Government & Politics

The Bucks Don't Stop With the Debt Ceiling

When Congress returns on April 25, they'll have just four days to prevent a government shutdown over debt.

Brian Mark Weber · Apr. 17, 2017

Congress is on vacation. Again. And while getting politicians out of Washington has its benefits, this year’s break is ill-timed. When members of Congress reconvene on April 25, they’ll have just four days to keep the government from shutting down as last year’s continuing resolution expires.

The importance of tackling budget issues has even more symbolic power this time around: Were the government to shut down, it would come on President Donald Trump’s 100th day in office. And we know the Leftmedia will jump at the chance to use that against the president and Republicans in Congress.

Now, once Congress comes back to town, don’t expect either party to panic over an impending government shutdown. In particular, Democrats have the most to gain from a shutdown — they’ll get credit with their base for the Great Resistance Against Trump, all while their accomplices in the press make sure Republicans get the blame.

But what about Republicans? After all, they control the White House, Senate and House. Surely we can rely on the GOP leadership to address this critical issue, right? Not so fast. Remember, this is the same Republican Congress that failed to agree on a bill to replace ObamaCare after seven years of promises, which now jeopardizes tax reform or anything else of substance.

Thanks to the ineptitude of last year’s Congress to reach an actual budget agreement, we’re on the precipice of yet another government shutdown. In order to keep the government operating beyond April 29, Congress must vote on a budget or pass another continuing resolution in order to raise the debt ceiling. In laymen’s terms, our elected officials are about to kick the can down the road once again. It’s what they do best, and, frankly, it’s what most voters want them to do. Everybody wants cuts until their favorite program is on the chopping block. And every program is somebody’s favorite.

Republicans are simply too divided to agree on the budget. Some members are refusing to back any measure that defunds Planned Parenthood. Others won’t compromise on defense and security spending. And President Trump wants billions for the border security and the wall. Democrats, with everything to gain from a shutdown, oppose just about anything the Republicans might want in a budget bill or a continuing resolution. Suddenly, Democrats have become the party of “no.”

Even if Republicans can muster the courage to come up with a bill, they’ll need 60 votes in the Senate. That’s right. Senate Minority Leader Chuck Schumer is licking his chops. Last month, Schumer said, “If Republicans insist on inserting poison pill riders such as defunding Planned Parenthood, building a border wall, or starting a deportation force, they will be shutting down the government and delivering a severe blow to our economy.” As far as the Democrats are concerned, it’s their way or the highway.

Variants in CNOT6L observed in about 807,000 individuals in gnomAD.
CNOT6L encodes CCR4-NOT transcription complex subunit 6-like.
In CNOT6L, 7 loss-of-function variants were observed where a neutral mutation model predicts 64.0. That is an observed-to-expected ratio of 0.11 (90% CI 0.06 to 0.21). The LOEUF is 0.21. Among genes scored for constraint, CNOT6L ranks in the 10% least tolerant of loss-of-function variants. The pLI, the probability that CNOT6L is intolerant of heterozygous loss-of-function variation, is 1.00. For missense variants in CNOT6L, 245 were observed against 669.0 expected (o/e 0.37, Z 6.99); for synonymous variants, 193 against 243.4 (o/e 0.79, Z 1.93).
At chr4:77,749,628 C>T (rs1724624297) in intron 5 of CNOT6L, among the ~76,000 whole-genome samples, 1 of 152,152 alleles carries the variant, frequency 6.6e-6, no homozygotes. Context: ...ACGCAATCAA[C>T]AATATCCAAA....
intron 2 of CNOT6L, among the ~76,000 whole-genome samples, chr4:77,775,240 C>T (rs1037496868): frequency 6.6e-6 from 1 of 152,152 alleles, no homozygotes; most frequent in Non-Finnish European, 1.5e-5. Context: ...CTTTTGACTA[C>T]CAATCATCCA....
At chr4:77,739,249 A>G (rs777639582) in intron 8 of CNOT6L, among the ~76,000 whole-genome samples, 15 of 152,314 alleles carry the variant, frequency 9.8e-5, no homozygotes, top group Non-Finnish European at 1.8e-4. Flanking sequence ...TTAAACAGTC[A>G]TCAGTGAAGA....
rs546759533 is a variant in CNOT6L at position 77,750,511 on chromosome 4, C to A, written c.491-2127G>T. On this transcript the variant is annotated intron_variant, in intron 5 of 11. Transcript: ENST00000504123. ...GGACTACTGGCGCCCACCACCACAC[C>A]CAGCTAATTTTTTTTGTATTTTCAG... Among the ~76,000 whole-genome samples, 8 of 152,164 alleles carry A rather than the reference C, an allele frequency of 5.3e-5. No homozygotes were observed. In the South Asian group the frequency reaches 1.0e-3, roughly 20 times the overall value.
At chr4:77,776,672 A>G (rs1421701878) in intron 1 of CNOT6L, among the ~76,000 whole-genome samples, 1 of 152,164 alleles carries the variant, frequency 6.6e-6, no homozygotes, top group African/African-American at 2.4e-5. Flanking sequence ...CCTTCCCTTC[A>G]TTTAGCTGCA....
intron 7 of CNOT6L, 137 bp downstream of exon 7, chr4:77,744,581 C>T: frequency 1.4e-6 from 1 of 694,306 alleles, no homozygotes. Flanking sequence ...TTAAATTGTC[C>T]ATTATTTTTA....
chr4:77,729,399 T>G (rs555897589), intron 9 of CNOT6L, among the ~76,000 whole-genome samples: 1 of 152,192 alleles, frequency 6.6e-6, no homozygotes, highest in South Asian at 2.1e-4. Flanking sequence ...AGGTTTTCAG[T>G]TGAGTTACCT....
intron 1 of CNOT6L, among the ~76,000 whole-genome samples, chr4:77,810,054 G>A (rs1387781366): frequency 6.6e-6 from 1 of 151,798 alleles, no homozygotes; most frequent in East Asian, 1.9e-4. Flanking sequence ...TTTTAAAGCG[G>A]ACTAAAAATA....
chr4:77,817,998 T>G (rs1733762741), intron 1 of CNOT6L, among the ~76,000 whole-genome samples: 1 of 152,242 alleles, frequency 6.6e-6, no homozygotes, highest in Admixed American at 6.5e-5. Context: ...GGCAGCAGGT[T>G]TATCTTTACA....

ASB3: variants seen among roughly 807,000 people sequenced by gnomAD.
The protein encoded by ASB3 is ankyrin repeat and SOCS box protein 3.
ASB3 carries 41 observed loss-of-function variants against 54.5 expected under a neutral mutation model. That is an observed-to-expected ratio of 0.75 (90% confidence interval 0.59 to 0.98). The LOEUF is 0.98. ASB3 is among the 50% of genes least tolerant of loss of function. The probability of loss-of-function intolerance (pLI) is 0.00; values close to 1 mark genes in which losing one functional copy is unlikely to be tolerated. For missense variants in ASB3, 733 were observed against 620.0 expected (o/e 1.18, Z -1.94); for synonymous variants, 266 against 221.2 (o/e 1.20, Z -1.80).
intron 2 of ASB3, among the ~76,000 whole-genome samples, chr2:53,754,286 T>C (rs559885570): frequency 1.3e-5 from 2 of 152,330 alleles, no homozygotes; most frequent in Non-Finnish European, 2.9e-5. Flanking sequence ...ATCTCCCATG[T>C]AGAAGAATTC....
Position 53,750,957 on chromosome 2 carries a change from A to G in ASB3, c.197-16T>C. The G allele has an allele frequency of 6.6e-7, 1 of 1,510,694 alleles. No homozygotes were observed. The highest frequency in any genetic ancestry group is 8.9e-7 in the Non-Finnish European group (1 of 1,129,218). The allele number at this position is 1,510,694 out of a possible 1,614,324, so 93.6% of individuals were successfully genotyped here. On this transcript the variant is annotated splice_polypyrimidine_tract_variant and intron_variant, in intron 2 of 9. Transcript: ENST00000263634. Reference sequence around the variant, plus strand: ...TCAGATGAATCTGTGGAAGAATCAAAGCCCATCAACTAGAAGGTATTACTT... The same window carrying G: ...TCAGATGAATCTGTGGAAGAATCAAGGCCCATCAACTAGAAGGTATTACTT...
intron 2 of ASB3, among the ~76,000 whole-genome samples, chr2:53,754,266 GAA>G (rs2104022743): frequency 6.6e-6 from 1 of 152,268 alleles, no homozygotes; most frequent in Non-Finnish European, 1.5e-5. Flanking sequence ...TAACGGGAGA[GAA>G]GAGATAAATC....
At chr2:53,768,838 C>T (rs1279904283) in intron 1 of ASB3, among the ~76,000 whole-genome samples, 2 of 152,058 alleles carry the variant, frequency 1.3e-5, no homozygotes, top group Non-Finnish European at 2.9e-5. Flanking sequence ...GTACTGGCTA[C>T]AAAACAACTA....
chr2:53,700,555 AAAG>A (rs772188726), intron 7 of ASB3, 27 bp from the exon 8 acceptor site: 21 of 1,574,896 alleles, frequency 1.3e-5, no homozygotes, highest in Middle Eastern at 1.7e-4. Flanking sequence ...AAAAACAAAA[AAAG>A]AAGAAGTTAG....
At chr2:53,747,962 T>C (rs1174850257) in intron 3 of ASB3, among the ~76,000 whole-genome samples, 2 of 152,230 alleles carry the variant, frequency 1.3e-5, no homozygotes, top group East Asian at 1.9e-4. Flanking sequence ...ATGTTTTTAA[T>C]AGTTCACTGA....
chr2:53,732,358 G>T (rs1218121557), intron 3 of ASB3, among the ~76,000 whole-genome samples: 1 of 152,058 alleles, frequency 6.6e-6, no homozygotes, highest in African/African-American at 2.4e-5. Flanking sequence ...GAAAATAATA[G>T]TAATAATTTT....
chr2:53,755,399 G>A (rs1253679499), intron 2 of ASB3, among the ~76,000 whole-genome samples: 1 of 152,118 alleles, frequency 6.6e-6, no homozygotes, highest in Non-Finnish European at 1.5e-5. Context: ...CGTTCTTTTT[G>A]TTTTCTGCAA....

House Speaker Paul Ryan sees the writing on the wall, and he’s already signaling that health care, the border wall and tax reform will have to wait. Imagine that. Republicans, who now hold all the reins of power, still have to yield to Democrats in Congress to get something done.

There’s a simple reason for this. When it comes time to get things done (or to stop them), Democrats march in lockstep. Republicans, by contrast, are a herd of cats scattering in a hundred directions.

What should worry Americans more than a temporary government shutdown is the long-term impact of our country’s ever-growing debt. The overall share of the national budget needed just to service the debt will grow significantly in the coming years, leaving less funding for the military, infrastructure and other projects.

As the Cato Institute’s Michael Tanner writes for National Review, “All of this budget maneuvering comes shortly after the Congressional Budget Office released an alarming new report warning that the national debt will double as a share of the national economy by mid-century. Interest payments on the debt will rise from $270 billion in 2017 to $768 billion in 2027, with catastrophic consequences for President Trump’s agenda of economic and job growth.”

The irony is that government shutdowns, which are usually short-lived and really have very little impact on the country, are characterized as the fall of the Roman Empire. Meanwhile, the long-term federal debt, which has the potential to seriously impact the economy, infrastructure, national defense and other major initiatives, isn’t even a priority.

The situation is akin to losing sleep over how to make the minimum credit card payment without even thinking about the bank that’s about to foreclose on your home.

Chances are, Republicans will go for minimum damage to their brand and work with Democrats to pass a continuing resolution before April 29. Gabrielle Levy writes in U.S. News and World Report that “Senate Majority Leader Mitch McConnell of Kentucky and Minority Leader Chuck Schumer of New York have been negotiating for months on a deal to fund the government and have told reporters the talks have made significant progress ahead of the deadline.” While that may seem to be a positive development, a short-term deal this month will only set the stage for a real budget battle later this year.

Click here to show comments